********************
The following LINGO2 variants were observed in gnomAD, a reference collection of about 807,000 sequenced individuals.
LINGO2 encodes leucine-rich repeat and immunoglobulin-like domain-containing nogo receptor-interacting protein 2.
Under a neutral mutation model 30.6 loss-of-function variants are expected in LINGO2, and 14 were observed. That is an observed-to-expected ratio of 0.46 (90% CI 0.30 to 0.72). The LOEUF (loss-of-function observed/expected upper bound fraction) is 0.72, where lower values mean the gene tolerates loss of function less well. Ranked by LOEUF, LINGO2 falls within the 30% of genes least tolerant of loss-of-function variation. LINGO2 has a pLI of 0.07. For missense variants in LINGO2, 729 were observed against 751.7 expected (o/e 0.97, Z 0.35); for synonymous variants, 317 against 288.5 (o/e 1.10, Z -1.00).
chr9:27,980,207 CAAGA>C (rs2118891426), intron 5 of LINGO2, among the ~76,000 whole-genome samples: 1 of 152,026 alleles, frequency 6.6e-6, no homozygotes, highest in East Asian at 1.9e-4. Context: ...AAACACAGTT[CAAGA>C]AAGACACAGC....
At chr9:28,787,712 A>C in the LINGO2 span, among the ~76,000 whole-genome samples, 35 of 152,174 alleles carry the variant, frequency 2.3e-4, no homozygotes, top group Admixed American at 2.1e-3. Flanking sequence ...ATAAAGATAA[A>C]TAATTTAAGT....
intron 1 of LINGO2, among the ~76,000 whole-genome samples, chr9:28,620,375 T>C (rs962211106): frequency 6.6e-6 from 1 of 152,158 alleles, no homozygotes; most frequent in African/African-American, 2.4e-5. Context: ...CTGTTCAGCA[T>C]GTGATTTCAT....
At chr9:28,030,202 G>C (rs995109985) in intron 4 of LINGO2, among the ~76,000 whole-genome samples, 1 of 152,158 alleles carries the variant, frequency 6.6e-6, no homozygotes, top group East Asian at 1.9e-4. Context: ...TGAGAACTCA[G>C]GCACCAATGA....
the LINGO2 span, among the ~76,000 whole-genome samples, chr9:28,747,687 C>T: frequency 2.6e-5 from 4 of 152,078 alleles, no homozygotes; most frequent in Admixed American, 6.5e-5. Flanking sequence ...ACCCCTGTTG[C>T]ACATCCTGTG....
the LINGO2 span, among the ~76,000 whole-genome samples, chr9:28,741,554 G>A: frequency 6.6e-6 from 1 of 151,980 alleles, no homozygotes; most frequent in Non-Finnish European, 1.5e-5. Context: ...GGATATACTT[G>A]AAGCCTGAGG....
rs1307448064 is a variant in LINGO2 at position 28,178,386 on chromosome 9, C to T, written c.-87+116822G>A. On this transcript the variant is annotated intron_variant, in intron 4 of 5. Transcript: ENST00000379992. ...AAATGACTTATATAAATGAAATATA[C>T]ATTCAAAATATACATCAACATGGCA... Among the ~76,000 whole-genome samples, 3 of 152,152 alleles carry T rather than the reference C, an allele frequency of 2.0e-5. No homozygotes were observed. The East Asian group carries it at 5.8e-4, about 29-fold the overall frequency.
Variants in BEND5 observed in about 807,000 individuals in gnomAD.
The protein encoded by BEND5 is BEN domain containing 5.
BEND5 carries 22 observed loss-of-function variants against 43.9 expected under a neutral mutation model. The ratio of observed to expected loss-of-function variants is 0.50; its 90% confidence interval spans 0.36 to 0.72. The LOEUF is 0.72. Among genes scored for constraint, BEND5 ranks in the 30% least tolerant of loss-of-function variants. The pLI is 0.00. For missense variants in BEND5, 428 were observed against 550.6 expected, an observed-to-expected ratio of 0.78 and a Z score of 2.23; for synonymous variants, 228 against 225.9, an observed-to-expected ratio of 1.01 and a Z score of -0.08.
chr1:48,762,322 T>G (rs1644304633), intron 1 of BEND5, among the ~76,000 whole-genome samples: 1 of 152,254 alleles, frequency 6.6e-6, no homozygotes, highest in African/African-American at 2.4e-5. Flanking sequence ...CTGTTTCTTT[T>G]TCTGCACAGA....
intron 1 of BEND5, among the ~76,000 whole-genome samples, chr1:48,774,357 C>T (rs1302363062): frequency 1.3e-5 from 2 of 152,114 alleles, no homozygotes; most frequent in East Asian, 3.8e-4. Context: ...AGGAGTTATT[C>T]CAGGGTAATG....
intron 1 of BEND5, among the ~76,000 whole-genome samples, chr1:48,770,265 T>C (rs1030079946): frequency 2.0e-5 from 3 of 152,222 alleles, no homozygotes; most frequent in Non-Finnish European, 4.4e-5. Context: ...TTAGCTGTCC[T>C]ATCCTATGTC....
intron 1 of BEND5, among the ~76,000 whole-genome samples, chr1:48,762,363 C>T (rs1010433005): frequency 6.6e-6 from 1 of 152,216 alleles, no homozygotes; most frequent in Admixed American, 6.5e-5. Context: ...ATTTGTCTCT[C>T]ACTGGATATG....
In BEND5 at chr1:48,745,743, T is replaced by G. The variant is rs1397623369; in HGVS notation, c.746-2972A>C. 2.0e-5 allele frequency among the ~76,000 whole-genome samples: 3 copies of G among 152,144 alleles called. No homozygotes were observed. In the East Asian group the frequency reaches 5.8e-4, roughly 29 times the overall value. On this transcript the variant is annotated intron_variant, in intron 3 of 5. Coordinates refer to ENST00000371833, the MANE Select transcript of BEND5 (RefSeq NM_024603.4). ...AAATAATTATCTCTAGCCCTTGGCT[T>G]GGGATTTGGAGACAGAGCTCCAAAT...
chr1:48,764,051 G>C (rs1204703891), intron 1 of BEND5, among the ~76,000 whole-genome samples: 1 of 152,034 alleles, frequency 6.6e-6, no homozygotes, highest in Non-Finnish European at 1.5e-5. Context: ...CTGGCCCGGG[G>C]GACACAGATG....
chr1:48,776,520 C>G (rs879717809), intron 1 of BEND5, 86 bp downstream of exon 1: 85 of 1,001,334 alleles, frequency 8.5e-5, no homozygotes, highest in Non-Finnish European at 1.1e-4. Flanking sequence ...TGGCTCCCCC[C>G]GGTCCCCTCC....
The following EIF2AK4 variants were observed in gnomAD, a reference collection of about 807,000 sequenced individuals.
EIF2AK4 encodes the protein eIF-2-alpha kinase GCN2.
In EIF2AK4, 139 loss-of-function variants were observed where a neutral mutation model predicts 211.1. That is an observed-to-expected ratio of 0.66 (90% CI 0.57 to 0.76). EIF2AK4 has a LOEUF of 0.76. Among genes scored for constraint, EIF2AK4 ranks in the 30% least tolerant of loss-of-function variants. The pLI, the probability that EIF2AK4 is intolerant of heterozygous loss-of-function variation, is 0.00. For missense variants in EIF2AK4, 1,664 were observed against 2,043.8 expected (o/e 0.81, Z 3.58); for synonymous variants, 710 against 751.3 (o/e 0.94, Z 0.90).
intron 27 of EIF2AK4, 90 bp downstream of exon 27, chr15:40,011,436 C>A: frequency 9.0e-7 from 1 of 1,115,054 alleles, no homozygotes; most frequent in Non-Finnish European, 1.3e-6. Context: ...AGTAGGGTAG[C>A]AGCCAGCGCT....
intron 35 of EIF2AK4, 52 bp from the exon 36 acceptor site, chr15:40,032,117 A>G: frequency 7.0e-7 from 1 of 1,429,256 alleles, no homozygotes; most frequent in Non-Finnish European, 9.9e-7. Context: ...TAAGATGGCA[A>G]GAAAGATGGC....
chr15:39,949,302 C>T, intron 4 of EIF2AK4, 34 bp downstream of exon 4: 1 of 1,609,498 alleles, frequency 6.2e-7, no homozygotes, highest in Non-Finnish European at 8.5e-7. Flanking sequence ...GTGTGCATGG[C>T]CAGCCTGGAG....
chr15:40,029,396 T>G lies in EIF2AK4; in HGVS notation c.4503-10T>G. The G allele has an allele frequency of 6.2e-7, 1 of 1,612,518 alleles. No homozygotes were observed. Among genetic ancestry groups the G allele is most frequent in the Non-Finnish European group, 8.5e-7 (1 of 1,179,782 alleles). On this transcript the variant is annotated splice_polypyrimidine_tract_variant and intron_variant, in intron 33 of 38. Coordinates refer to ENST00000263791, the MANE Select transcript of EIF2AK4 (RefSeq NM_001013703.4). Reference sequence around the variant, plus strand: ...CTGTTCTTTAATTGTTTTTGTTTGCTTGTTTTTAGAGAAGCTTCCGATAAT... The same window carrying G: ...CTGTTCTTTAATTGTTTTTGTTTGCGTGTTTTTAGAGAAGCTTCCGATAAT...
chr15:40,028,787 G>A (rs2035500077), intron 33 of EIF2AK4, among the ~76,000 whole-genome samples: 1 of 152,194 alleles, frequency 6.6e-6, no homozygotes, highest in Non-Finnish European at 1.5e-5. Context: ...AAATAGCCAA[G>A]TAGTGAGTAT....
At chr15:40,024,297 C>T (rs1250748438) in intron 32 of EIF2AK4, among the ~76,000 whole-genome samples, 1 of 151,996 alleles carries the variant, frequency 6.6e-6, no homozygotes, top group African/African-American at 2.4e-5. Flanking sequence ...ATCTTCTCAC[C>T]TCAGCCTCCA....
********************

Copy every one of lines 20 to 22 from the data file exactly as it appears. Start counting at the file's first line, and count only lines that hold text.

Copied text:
chr1:48,776,520 C>G (rs879717809), intron 1 of BEND5, 86 bp downstream of exon 1: 85 of 1,001,334 alleles, frequency 8.5e-5, no homozygotes, highest in Non-Finnish European at 1.1e-4. Flanking sequence ...TGGCTCCCCC[C>G]GGTCCCCTCC....
The following EIF2AK4 variants were observed in gnomAD, a reference collection of about 807,000 sequenced individuals.
EIF2AK4 encodes the protein eIF-2-alpha kinase GCN2.